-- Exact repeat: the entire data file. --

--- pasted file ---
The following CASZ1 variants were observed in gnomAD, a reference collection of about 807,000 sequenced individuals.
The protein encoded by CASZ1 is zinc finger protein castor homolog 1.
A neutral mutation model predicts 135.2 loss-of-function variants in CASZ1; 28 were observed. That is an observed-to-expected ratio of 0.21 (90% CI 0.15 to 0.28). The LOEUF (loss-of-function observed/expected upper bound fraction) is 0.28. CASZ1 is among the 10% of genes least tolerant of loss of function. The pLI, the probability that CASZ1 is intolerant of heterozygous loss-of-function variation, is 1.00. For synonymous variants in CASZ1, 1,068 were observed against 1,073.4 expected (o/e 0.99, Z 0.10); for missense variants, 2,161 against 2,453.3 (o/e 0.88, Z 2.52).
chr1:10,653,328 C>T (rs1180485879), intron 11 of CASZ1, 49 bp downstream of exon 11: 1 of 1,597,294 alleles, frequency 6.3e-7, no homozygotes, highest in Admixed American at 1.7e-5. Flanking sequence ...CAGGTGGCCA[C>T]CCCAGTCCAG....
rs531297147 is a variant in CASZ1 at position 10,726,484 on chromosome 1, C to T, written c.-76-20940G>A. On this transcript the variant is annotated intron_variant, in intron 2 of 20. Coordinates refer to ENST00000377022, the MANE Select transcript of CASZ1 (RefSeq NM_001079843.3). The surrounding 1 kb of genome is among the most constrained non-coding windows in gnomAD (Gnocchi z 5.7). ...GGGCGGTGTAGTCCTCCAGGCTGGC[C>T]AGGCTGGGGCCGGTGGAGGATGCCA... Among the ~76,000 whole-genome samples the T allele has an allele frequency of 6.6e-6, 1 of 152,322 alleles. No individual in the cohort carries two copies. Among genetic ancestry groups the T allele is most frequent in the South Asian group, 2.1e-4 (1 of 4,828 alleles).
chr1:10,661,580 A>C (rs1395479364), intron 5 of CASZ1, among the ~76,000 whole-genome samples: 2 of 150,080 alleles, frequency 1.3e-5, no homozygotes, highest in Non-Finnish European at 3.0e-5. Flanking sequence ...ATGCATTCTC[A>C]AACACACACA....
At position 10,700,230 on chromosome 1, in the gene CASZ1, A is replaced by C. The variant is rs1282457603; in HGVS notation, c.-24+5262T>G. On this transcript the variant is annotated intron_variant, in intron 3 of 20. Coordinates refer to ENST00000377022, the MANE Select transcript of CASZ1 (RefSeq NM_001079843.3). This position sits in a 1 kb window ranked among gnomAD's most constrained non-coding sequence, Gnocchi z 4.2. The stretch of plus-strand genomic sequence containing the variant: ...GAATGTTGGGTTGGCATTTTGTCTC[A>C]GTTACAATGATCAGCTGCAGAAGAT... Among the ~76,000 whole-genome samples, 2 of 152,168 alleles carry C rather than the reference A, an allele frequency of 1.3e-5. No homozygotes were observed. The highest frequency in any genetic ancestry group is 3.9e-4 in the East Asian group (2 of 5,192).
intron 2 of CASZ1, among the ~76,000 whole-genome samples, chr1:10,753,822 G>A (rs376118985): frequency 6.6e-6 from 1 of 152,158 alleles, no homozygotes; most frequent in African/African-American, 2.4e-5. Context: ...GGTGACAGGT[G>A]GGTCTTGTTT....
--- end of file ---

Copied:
The following CASZ1 variants were observed in gnomAD, a reference collection of about 807,000 sequenced individuals.
The protein encoded by CASZ1 is zinc finger protein castor homolog 1.
A neutral mutation model predicts 135.2 loss-of-function variants in CASZ1; 28 were observed. That is an observed-to-expected ratio of 0.21 (90% CI 0.15 to 0.28). The LOEUF (loss-of-function observed/expected upper bound fraction) is 0.28. CASZ1 is among the 10% of genes least tolerant of loss of function. The pLI, the probability that CASZ1 is intolerant of heterozygous loss-of-function variation, is 1.00. For synonymous variants in CASZ1, 1,068 were observed against 1,073.4 expected (o/e 0.99, Z 0.10); for missense variants, 2,161 against 2,453.3 (o/e 0.88, Z 2.52).
chr1:10,653,328 C>T (rs1180485879), intron 11 of CASZ1, 49 bp downstream of exon 11: 1 of 1,597,294 alleles, frequency 6.3e-7, no homozygotes, highest in Admixed American at 1.7e-5. Flanking sequence ...CAGGTGGCCA[C>T]CCCAGTCCAG....
rs531297147 is a variant in CASZ1 at position 10,726,484 on chromosome 1, C to T, written c.-76-20940G>A. On this transcript the variant is annotated intron_variant, in intron 2 of 20. Coordinates refer to ENST00000377022, the MANE Select transcript of CASZ1 (RefSeq NM_001079843.3). The surrounding 1 kb of genome is among the most constrained non-coding windows in gnomAD (Gnocchi z 5.7). ...GGGCGGTGTAGTCCTCCAGGCTGGC[C>T]AGGCTGGGGCCGGTGGAGGATGCCA... Among the ~76,000 whole-genome samples the T allele has an allele frequency of 6.6e-6, 1 of 152,322 alleles. No individual in the cohort carries two copies. Among genetic ancestry groups the T allele is most frequent in the South Asian group, 2.1e-4 (1 of 4,828 alleles).
chr1:10,661,580 A>C (rs1395479364), intron 5 of CASZ1, among the ~76,000 whole-genome samples: 2 of 150,080 alleles, frequency 1.3e-5, no homozygotes, highest in Non-Finnish European at 3.0e-5. Flanking sequence ...ATGCATTCTC[A>C]AACACACACA....
At position 10,700,230 on chromosome 1, in the gene CASZ1, A is replaced by C. The variant is rs1282457603; in HGVS notation, c.-24+5262T>G. On this transcript the variant is annotated intron_variant, in intron 3 of 20. Coordinates refer to ENST00000377022, the MANE Select transcript of CASZ1 (RefSeq NM_001079843.3). This position sits in a 1 kb window ranked among gnomAD's most constrained non-coding sequence, Gnocchi z 4.2. The stretch of plus-strand genomic sequence containing the variant: ...GAATGTTGGGTTGGCATTTTGTCTC[A>C]GTTACAATGATCAGCTGCAGAAGAT... Among the ~76,000 whole-genome samples, 2 of 152,168 alleles carry C rather than the reference A, an allele frequency of 1.3e-5. No homozygotes were observed. The highest frequency in any genetic ancestry group is 3.9e-4 in the East Asian group (2 of 5,192).
intron 2 of CASZ1, among the ~76,000 whole-genome samples, chr1:10,753,822 G>A (rs376118985): frequency 6.6e-6 from 1 of 152,158 alleles, no homozygotes; most frequent in African/African-American, 2.4e-5. Context: ...GGTGACAGGT[G>A]GGTCTTGTTT....